Emily Prokop from The Story Behind with Voice Recon, Keyboards and Fidget Cubes – HGG296

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Jim Collison  https://twitter.com/jcollison is joined by Emily Prokop from The Story Behind Podcast for show #296 of Home Gadget Geeks brought to you by the Average Guy Network.

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The Story Behind Voice Recognition

  • Finding out about the history of voice recognition reminded me a lot of teaching my daughter to speak. And it started with numbers.
  • In the 1952, Bell Laboratories developed a machine that could recognize the spoken numbers 0 through 9.
  • This was called Audrey, which was a portmanteau of the words AUtomatic Digit REcognizer, plus an extra Y at the end so it would more match the common name spelling.
    • And it was huge. Literally huge — the relay rack, alone, was six feet tall.


  • Audrey didn’t talk back. That technology came much later.
    • She responded by flashing lights. And she wouldn’t respond to just anyone.
    • In order to maintain the 97 percent accuracy of the machine, the speaker had to become acquainted with Audrey and she was constantly fine-tuned and adjusted.
  • IBM introduced the Shoebox machine at the 1962 World’s Fair, which understood a whopping 16 English words.
  • But it was the Department of Defense in the ‘70s who really advanced the technology of speech recognition. A department called the Defense Advanced Research Projects Agency (DARPA) created “Harpy,” a voice recognition software that could understand more than 1,000 words.
    • DARPA or ARPA as it started out in 1958 was created by President Eisenhower for the purpose for forming and executing research and development projects to expand the frontiers of technology and science.  Out of this group was formed both the Air Force and the Department of Defense Directive 5105.15.  It was authorize in response to the Soviet Union’s launching of Sputnik.  It’s first director, Roy Johnson, left a $160K management job at GE to take ARPA for $18K.  Herbert York from the Lawrence Livermore National Lab was hired has is scientific assistant.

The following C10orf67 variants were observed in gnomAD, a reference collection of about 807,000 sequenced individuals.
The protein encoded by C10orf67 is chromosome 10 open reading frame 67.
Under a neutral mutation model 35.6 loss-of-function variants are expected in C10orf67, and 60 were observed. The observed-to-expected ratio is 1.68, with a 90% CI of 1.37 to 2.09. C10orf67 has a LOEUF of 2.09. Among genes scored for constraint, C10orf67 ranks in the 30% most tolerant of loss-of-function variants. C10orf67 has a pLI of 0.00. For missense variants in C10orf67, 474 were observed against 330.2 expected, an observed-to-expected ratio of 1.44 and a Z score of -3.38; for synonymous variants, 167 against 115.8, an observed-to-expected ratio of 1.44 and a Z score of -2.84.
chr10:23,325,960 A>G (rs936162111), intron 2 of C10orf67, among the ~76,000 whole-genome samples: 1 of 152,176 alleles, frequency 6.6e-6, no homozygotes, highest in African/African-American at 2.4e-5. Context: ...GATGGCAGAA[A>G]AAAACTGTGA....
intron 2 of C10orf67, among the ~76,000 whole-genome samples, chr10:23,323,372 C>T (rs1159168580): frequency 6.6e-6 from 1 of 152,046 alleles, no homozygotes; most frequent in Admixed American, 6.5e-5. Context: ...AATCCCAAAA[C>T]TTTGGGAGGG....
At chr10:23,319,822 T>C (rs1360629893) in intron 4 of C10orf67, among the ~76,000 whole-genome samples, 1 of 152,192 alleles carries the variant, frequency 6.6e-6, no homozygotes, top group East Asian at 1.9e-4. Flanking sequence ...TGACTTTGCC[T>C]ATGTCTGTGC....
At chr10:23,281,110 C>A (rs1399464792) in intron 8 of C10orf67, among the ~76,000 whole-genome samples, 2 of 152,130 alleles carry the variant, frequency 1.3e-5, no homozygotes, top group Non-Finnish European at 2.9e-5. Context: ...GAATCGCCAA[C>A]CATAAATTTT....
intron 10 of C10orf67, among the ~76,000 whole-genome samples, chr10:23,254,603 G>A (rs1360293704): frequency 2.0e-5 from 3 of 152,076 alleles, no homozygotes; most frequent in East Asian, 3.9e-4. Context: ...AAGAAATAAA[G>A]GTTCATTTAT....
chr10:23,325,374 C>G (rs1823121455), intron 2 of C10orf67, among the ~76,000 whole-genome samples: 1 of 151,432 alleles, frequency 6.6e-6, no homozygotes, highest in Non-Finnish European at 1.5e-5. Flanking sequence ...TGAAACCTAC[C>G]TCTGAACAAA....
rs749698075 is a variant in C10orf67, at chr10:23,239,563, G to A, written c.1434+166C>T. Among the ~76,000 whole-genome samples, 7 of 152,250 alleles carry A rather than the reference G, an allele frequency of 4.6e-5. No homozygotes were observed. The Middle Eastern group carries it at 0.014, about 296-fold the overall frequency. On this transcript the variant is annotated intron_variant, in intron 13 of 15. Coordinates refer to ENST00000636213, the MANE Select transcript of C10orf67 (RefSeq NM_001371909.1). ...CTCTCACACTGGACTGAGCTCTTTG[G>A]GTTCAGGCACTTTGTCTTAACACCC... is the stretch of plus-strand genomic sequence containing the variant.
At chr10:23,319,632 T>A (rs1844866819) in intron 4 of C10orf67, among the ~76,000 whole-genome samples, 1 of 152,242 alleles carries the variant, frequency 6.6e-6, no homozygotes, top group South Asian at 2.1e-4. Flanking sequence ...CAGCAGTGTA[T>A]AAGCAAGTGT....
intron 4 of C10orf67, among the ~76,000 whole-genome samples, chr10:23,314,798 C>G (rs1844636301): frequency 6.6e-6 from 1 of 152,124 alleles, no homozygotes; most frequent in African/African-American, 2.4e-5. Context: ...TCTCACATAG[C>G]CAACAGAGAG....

• Johnson and York with both big fans of space projects, but when NASA was later established in late 1958 and most of ARPAs funding was funneled to it, Johnson resigned and APRA was repurposed to do “high-risk”, “high-gain” and “far-out” projects. 
    • During the late 50s and early 60s, APRA worked on major national issues, including space, ballistic missiles defense and nuclear test detection.  In the late 60s all of it space program move to NASA and the military programs to their respective services
    • The agency was renamed to DAPRA in 1972 and made great progress in Information processing.  Initially through its support of the development of time-sharing or Multics (Multics stands for Multiplexed Information and Computing Service) was a mainframe timesharing operating system that began at MIT as a research project in 1965. It was an important influence on operating system development (all modern operating systems rely on concepts)  The Multics system, was developed by a cooperation among Bell Labs, General Electric and MIT, which DARPA supported by funding Project MAC at MIT with an initial two-million-dollar grant)
    • DARPA supported the evolution of the ARPANET (the first wide-area packet switching network), Packet Radio Network, Packet Satellite Network and ultimately, the Internet and research in the artificial intelligence fields of speech recognition and signal processing, including parts of Shakey the robot. 
    • DARPA also funded the development of the Douglas Engelbart’s NLS computer system (from where we get hypertext links, the mouse, raster-scanvideo monitors, information organized by relevance, screen windowing and video conferencing to name a few) and The Mother of All Demos (which highlight all those technologies in 1968!)
    • Of course, all these system influcence both the Apple and Windows UIs in the 80s and 90s
  • One thing to note about voice recognition is the machines aren’t actually recognizing whole words — they are recognizing the smallest elements of spoken words, known as phonemes, and putting them together within the software to determine what word you are most likely saying.
    • Phonemes are the elements such as vowel sounds or something podcasters are familiar with called Plosives, like a P or T sounds, which things like pop filters over microphones soften.
    • The software may not always catch every phoneme nor are they always able to format your speech and translate it to something the computer can understand.